More than ever, mold prevention is a paramount concern for contractors for three very good reasons:
Mold can irreversibly damage construction materials, the building's contents and even its structural integrity
To avoid the headaches and expense of mold infestation, builders should follow best practices to prevent mold from getting a foothold in their project. More importantly, they need to possess the knowledge and means to remediate any mold problems that do develop.
Whether mold problems are actually on the rise in new construction or the heightened awareness of mold has led to more complaints, builders need to protect their customers and businesses by employing mold preventive practices during construction. Here are a few tips provided by professionals to keep mold out of your projects:
Don't import mold problems: Conduct a visual inspection for mold on the building materials brought into the structure, and clean or treat any suspected mold growth. Pressure treated lumber, which often arrives damp at the job site, has been cited as a mold source when used inside.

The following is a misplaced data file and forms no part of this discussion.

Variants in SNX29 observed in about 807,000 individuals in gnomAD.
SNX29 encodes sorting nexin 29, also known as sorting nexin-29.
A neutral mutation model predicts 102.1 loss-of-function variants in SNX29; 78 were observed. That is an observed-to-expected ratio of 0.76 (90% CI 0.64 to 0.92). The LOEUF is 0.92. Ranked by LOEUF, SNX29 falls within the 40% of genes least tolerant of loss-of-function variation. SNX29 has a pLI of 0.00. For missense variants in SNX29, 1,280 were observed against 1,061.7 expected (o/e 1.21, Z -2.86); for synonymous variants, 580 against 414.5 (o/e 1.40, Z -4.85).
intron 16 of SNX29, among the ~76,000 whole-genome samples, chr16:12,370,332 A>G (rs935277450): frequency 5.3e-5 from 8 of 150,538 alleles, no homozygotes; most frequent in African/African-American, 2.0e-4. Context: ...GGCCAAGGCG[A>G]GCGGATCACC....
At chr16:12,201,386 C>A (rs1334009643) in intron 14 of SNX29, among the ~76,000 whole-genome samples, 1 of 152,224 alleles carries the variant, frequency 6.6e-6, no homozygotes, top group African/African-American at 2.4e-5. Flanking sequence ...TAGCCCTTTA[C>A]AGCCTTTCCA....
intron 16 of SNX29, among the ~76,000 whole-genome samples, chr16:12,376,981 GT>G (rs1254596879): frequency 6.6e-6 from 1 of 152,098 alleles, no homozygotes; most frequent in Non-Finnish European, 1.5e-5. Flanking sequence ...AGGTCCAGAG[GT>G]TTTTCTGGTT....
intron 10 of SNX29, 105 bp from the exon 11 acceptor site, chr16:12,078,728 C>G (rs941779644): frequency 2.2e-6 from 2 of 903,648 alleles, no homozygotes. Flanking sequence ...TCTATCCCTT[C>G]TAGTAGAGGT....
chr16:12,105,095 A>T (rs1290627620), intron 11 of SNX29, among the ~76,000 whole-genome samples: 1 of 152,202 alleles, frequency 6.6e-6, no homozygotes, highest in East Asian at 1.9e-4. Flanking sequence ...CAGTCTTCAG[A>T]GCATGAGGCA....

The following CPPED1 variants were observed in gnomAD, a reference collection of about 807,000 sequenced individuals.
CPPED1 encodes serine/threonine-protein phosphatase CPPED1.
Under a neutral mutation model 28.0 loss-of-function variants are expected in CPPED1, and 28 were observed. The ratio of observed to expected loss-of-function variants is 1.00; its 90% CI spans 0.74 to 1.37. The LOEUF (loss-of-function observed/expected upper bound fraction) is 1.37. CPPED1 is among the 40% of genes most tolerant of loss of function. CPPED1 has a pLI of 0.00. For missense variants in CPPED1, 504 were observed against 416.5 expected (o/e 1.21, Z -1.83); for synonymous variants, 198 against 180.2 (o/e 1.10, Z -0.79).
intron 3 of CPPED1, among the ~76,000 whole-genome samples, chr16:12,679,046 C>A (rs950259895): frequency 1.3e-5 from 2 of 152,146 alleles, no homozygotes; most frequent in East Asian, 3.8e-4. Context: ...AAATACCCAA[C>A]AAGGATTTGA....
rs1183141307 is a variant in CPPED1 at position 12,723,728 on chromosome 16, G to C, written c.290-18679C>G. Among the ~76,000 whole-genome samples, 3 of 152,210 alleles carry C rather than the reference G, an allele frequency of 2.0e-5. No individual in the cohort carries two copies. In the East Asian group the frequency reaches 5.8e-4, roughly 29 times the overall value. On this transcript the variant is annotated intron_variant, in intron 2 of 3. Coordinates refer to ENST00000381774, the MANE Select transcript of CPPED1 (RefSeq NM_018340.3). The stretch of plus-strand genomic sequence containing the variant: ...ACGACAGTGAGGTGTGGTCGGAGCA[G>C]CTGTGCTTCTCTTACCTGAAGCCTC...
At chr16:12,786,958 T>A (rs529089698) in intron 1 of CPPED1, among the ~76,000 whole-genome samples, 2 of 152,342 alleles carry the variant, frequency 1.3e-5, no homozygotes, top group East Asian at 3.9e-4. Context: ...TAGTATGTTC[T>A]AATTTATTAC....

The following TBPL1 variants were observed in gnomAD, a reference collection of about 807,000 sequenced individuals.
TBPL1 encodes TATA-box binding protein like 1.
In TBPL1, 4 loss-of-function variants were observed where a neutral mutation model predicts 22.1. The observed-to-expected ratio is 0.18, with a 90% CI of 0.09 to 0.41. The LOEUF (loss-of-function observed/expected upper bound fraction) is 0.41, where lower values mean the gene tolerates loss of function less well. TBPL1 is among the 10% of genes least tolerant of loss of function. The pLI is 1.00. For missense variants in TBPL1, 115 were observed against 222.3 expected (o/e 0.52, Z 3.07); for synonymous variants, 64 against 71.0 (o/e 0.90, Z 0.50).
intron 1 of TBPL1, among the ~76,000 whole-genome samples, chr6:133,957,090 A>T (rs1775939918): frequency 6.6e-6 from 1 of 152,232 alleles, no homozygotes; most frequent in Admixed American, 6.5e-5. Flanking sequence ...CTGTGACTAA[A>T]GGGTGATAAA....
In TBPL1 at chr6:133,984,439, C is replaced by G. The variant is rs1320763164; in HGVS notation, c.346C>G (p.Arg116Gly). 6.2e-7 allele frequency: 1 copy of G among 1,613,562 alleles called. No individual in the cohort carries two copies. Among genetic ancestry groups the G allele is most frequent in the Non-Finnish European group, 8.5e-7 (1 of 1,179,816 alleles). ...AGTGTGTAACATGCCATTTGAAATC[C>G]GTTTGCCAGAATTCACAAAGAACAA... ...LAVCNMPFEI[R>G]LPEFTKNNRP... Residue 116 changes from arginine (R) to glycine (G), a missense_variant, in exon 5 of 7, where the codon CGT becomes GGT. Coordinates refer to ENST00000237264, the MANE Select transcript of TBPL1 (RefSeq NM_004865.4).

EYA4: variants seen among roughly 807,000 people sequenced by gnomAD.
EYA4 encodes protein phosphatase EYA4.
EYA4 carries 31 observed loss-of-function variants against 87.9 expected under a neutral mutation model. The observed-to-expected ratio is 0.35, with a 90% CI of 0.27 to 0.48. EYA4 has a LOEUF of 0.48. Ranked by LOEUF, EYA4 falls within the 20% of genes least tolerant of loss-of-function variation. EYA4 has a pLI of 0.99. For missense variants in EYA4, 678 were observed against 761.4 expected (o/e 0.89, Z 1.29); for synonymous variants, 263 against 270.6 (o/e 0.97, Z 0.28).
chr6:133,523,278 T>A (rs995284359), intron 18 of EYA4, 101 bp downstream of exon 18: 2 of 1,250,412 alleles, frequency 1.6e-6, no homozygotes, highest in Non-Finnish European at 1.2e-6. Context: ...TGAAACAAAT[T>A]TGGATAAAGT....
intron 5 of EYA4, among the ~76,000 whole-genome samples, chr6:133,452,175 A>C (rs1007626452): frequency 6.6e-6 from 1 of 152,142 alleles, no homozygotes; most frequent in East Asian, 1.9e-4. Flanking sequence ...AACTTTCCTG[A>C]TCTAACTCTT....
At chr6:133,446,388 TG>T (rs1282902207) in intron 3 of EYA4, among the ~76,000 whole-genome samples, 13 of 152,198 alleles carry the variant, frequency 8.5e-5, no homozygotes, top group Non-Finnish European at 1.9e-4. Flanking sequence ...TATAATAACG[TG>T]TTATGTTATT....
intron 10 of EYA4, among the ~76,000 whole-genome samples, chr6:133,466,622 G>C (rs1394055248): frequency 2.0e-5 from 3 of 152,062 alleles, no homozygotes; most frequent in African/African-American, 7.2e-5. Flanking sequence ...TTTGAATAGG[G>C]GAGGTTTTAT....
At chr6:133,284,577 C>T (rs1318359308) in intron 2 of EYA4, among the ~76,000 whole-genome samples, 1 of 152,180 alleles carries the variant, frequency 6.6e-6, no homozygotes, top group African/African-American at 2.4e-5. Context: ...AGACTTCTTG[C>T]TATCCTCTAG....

For drywall and wood paneling, install at least 1/2" above the floor to prevent any liquid on the floor from soaking in and wicking up.
Caulk between the floor trim and floor to prevent the small spills on the floor from entering the wall cavity, especially in high-moisture environments such as bathrooms, kitchens and basements.
Spray the underside of floor cabinets in bathrooms and kitchens with an antimicrobial spray or lacquer before installation to reduce the penetration of moisture into them in damp or wet conditions.
Consider using extruded foam insulation over crawl spaces and in below-grade spaces because it holds less moisture than fiberglass insulation.
Avoid carpeting in below-grade spaces and damp, moisture-rich environments because carpeting provides the perfect conditions for mold growth and is difficult to remediate, if not impossible.